23. Malik U, Armstrong D, Ashworth M, Dregan A, L'Esperance V, McDonnell L, et al. Association between prior antibiotic therapy and subsequent risk of community-acquired infections: a systematic review. J Antimicrob Chemother. 2018 Feb 1;73:287–296. doi: 10.1093/jac/dkx374 29149266

24. Kantele A, Mero S, Kirveskari J, Lääveri T. Increased Risk for ESBL-Producing Bacteria from Co-administration of Loperamide and Antimicrobial Drugs for Travelers' Diarrhea. Emerg Infect Dis. 2016 Jan;22(1):117–20. doi: 10.3201/eid2201.151272 26691898

25. DuPont HL, Ericsson CD, Farthing MJ, Gorbach S, Pickering LK, Rombo L, et al. Expert review of the evidence base for self-therapy of travelers' diarrhea. J Travel Med. 2009 May-Jun;16(3):161–71. doi: 10.1111/j.1708-8305.2009.00300.x 19538576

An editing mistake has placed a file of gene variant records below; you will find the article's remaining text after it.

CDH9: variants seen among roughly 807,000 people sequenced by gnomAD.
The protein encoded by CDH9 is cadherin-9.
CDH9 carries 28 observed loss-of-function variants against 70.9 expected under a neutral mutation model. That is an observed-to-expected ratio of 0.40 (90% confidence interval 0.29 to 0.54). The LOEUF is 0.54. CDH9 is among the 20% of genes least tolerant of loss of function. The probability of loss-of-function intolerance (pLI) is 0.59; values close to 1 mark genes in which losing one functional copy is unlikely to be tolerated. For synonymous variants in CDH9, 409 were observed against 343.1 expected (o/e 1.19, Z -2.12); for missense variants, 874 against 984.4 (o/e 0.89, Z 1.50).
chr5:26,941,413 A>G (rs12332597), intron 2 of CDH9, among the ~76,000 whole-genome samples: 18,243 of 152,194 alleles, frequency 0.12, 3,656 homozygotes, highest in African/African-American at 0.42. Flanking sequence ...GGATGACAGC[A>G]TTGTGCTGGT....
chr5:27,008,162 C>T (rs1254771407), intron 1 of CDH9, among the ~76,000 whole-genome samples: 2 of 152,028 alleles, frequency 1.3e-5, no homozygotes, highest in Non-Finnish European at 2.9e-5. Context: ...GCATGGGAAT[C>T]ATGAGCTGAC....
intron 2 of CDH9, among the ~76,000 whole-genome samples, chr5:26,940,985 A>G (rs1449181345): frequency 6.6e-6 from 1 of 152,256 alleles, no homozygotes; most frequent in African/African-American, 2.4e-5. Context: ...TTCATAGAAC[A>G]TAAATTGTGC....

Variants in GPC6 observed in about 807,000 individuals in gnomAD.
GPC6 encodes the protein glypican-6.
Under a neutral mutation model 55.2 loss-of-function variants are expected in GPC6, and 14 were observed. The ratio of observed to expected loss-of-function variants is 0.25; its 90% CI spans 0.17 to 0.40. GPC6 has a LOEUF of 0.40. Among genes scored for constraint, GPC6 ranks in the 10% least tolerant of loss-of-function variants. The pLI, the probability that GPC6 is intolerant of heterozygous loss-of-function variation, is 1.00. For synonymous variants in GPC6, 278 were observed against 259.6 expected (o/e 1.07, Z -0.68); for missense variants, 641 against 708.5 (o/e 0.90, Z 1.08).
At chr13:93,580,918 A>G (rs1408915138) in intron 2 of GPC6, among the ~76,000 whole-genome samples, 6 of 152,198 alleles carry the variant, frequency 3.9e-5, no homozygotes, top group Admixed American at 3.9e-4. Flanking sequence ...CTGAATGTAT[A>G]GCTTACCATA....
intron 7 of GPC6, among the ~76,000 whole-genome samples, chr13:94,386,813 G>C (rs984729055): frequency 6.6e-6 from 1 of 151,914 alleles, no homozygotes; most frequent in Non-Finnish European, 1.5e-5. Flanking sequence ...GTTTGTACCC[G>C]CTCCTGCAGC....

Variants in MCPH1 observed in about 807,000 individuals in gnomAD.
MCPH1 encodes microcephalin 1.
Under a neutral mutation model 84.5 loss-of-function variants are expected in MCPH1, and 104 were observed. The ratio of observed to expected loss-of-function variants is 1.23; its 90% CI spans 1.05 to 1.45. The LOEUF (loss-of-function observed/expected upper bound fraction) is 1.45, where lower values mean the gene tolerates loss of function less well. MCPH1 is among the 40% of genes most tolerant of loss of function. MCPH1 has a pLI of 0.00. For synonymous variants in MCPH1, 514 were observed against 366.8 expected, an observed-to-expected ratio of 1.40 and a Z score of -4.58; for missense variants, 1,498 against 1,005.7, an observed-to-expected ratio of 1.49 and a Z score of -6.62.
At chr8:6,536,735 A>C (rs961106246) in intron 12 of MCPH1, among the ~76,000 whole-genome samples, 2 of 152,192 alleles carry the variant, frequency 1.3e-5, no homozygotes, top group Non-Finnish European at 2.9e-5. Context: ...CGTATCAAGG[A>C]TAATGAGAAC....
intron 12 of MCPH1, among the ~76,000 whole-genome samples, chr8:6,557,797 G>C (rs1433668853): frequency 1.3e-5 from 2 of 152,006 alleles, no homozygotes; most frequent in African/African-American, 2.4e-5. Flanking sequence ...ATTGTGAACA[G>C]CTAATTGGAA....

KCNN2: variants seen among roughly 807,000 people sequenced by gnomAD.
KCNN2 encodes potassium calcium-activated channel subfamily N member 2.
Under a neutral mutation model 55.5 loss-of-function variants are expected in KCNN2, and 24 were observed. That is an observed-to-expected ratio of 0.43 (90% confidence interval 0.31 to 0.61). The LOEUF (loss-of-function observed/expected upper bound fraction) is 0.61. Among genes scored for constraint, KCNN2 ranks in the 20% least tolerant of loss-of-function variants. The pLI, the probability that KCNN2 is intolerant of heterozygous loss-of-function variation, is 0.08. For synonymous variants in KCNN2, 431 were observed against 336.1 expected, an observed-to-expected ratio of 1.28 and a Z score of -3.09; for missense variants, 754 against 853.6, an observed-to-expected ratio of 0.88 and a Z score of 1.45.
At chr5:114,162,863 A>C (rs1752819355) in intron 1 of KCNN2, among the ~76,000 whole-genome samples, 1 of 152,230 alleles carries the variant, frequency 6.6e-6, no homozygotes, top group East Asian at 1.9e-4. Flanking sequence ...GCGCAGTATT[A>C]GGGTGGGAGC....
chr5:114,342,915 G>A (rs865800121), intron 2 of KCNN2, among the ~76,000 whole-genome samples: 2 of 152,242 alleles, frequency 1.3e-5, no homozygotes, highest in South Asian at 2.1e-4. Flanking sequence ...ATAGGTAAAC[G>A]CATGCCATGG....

26. Kantele A. A call to restrict prescribing antibiotics for travellers’ diarrhea—Travel medicine practitioners can play an active role in preventing the spread of antimicrobial resistance. Travel Med Infect Dis. 2015 May-Jun;13(3):213–4. doi: 10.1016/j.tmaid.2015.05.005 26005160

Článek vyšel v časopise


2019 Číslo 12
Nejčtenější tento týden